Hosting Organization:  

 

Plenary speakers

Open Science Conference logo

May 20 (Wednesday) Keynote Plenary Speaker: Jennifer Gimbel

Jennifer Gimbel was named Principal Deputy Assistant Secretary for Water and Science on October 1, 2014, where she oversees water and science policy for the Department of the Interior, and has responsibility for the U.S. Bureau of Reclamation and the U.S. Geological Survey. She administers the National Land Imaging Program, the nation’s longest sequential moderate-resolution satellite imaging program provided by the Landsat series of satellites, now hosted by USGS. Gimbel provides hands-on leadership on Colorado River issues and is the Secretary’s designee to, and Chair of, the Glen Canyon Dam Adaptive Management Work Group.

Gimbel was previously the Deputy Commissioner for External and Intergovernmental Affairs for the Bureau of Reclamation, where she managed congressional, legislative and public affairs activities. She was also the executive responsible for Reclamation's relationships with federal, state and local governments, citizen organizations, and other nongovernmental groups. Gimbel returned to Reclamation after serving as Interior’s Counselor to the Assistant Secretary for Water and Science where she focused on legislative and legal matters, concentrating on issues regarding the Rio Grande, Salton Sea, California Bay Delta, and the Clean Water Act.

Gimbel came to Interior in 2013 after serving five years as Director of the Colorado Water Conservation Board.  As Director, she carried out the policies and directives of a citizen board and the administration relating to the conservation, development, and utilization of the state's water resources. She represented Colorado in several interstate activities, including as the Governor's representative on the Colorado River and as one of his appointees to the Western States Water Council.

From 2001-2008, Gimbel worked at Reclamation on a variety of policy and program issues, including facility operation and maintenance, the Water Conservation Field Services Program, drought, hazardous waste, invasive species, and water management and planning.  She also served as Chair of the Secretary’s Indian Water Rights Working Group for the Department.  Prior to that, Gimbel worked for both the Colorado and Wyoming State Attorney Generals offices, where she advised and represented the Attorneys General and other state officials regarding interstate water matters, water law and administrative law.  She has a Bachelor of Science and Juris Doctorate from the University of Wyoming and a Master of Science from the University of Delaware.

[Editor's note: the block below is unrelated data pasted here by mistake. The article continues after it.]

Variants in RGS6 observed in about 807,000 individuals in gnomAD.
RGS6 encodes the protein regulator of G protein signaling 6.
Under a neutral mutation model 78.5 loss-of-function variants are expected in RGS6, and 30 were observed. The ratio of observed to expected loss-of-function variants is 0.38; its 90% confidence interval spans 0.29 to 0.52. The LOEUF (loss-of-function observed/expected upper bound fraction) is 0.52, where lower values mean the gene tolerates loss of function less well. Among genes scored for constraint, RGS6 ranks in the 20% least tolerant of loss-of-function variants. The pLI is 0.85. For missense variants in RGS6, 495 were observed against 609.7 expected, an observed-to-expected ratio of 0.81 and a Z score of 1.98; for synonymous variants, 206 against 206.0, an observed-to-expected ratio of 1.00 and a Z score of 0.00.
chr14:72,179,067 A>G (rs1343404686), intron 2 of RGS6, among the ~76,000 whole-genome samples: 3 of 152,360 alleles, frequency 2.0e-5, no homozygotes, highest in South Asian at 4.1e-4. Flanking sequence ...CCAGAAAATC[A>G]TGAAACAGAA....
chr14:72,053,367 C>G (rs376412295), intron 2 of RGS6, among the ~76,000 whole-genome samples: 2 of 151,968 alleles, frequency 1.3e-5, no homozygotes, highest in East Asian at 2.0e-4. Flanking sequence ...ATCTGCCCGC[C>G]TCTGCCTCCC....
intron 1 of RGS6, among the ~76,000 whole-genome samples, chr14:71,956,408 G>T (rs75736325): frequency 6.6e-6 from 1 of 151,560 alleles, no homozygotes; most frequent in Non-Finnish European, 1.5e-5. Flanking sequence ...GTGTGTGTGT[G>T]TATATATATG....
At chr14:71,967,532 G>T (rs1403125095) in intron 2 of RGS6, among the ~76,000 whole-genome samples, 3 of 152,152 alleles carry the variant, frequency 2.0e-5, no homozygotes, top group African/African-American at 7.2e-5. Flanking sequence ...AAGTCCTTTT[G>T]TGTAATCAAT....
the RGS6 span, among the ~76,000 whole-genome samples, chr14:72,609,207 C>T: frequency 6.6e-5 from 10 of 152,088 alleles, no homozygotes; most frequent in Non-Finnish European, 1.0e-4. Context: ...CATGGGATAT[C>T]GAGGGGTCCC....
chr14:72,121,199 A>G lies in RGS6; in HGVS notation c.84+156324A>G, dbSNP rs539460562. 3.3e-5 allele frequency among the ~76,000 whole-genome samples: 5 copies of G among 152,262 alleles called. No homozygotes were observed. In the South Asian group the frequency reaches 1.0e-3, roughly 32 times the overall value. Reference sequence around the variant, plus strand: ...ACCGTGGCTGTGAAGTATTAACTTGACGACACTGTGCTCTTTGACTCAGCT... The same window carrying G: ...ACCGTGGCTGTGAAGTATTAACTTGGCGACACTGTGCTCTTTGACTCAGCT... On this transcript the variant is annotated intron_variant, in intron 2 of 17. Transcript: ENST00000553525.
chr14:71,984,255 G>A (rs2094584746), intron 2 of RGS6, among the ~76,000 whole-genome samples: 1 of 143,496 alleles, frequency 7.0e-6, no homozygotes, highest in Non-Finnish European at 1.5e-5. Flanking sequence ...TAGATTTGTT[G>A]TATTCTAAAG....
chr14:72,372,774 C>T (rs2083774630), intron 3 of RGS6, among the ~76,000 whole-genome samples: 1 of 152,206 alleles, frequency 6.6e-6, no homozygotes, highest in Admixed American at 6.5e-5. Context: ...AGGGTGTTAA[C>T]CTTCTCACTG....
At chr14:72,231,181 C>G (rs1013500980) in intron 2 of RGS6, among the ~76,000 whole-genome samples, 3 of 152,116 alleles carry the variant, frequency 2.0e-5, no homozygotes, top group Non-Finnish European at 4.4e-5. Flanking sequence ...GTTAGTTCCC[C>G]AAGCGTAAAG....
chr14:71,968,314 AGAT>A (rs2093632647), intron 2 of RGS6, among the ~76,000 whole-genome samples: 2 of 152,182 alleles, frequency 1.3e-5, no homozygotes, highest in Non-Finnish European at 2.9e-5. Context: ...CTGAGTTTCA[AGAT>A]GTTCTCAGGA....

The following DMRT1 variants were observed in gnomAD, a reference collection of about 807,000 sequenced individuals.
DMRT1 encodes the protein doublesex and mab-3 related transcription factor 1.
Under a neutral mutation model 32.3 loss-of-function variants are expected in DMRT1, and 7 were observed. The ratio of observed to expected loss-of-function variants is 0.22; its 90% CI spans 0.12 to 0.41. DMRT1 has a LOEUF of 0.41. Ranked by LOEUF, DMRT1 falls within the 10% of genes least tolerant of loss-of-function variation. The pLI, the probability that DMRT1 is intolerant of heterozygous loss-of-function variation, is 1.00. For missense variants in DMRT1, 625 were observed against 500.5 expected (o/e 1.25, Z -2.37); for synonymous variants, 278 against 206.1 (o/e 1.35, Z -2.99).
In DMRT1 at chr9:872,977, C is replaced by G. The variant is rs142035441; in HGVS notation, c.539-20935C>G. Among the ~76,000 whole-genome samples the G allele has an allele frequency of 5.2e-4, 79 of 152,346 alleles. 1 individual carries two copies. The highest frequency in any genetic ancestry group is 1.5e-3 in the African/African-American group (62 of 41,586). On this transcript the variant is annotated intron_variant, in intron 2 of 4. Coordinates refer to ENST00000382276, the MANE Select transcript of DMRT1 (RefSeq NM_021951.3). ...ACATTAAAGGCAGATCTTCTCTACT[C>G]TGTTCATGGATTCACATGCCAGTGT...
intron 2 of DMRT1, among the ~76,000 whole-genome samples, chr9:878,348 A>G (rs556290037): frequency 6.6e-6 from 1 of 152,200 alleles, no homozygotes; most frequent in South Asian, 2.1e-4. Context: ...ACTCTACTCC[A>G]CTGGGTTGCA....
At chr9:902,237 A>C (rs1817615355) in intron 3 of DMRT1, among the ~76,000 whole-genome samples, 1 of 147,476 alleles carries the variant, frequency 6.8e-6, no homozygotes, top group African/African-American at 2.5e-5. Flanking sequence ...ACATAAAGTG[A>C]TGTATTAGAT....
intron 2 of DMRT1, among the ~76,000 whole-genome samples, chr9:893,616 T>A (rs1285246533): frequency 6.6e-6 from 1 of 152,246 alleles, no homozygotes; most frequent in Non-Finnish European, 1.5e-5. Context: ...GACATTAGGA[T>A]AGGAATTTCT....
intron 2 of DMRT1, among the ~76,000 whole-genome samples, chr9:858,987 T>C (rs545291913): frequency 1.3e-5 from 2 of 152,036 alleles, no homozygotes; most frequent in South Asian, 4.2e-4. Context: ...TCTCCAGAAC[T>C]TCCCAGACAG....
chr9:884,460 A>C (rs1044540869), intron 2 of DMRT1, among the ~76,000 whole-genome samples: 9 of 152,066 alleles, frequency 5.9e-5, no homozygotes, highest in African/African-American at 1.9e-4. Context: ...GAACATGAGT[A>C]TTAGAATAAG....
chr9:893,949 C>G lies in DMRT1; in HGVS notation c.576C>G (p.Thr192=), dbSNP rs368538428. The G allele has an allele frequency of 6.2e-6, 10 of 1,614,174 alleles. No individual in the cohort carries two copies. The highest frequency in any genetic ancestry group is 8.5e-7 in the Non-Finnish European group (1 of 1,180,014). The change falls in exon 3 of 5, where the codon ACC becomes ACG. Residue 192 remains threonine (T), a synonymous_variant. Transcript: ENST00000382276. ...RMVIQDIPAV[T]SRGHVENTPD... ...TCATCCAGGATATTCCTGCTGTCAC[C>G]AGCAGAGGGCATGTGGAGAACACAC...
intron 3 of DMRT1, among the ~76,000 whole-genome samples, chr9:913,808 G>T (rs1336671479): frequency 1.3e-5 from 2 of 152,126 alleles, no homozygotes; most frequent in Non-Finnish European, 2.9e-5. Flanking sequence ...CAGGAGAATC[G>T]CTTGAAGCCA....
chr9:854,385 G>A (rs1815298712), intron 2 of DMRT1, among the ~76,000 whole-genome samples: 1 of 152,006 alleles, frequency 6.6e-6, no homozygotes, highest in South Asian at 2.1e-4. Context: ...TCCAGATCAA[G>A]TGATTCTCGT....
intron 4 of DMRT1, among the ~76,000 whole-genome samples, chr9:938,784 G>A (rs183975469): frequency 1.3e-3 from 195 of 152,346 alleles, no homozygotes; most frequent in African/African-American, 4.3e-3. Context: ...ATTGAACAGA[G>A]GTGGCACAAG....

May 20 (Thursday Morning) Keynote Speaker: Ben Bobowski

Ben Bobowski has been Chief of Resource Stewardship of Rocky Mountain National Park since October 2007.  He was previously the Chief of Resource Stewardship at Grant-Kohrs Ranch National Historic Site, Range Ecologist at Glen Canyon National Recreation Area, and field biologist at the US Forest Service Research Lab in LaGrande, Oregon.  He has served in several collateral assignments including: the National Park Service’s Servicewide Livestock Management Coordinator, co-author on the NPS Climate Change Strategy,  as well as most recently as an NPS representative to the United Nations Educational, Scientific, and Cultural Organization.

Ben earned a Bachelor of Science Degree from Rutgers University focused on Forestry and Wildlife Management and Masters of Science and PhD degrees from Utah State University, focused in Range Science.  Ben is native to New Jersey and was introduced to the western U.S. by his friend (now wife) in July 1989.  He has spent almost every day since living, working and enjoying the western U.S. with his family – his wife Katie and children Taylor, Ashley and Mia.  

May 21 (Thursday night) Banquet Speaker: Dr. Dan Wildcat 

Daniel R. Wildcat, A Yuchi member of the Muscogee Nation of Oklahoma, is the director of the Haskell Environmental Research Studies Center at Haskell Indian Nations University in Lawrence, Kansas and a lead organizer of the Indigenous Peoples Climate Change Working Group.  A staunch advocate of tribal colleges and universities, Wildcat believes Indian colleges and universities deserve broader recognition for their contributions to academia and society, including issue pertaining to climate change vulnerability assessments and adaptation efforts.

Dr. Wildcat is the coauthor, with Vine Deloria, Jr., of Power and Place: Indian Education in America (Fulcrum, 2001), and coeditor, with Steve Pavlik, of Destroying Dogma: Vine Deloria, Jr., and His Influence on American Society (Fulcrum, 2006). Known for his commitment to environmental defense and cultural diversity, Dr. Wildcat has been honored by the Kansas City organization, The Future Is Now, with the Heart Peace Award. His newest book, Red Alert! Saving the Planet with Indigenous Knowledge, was released in 2009.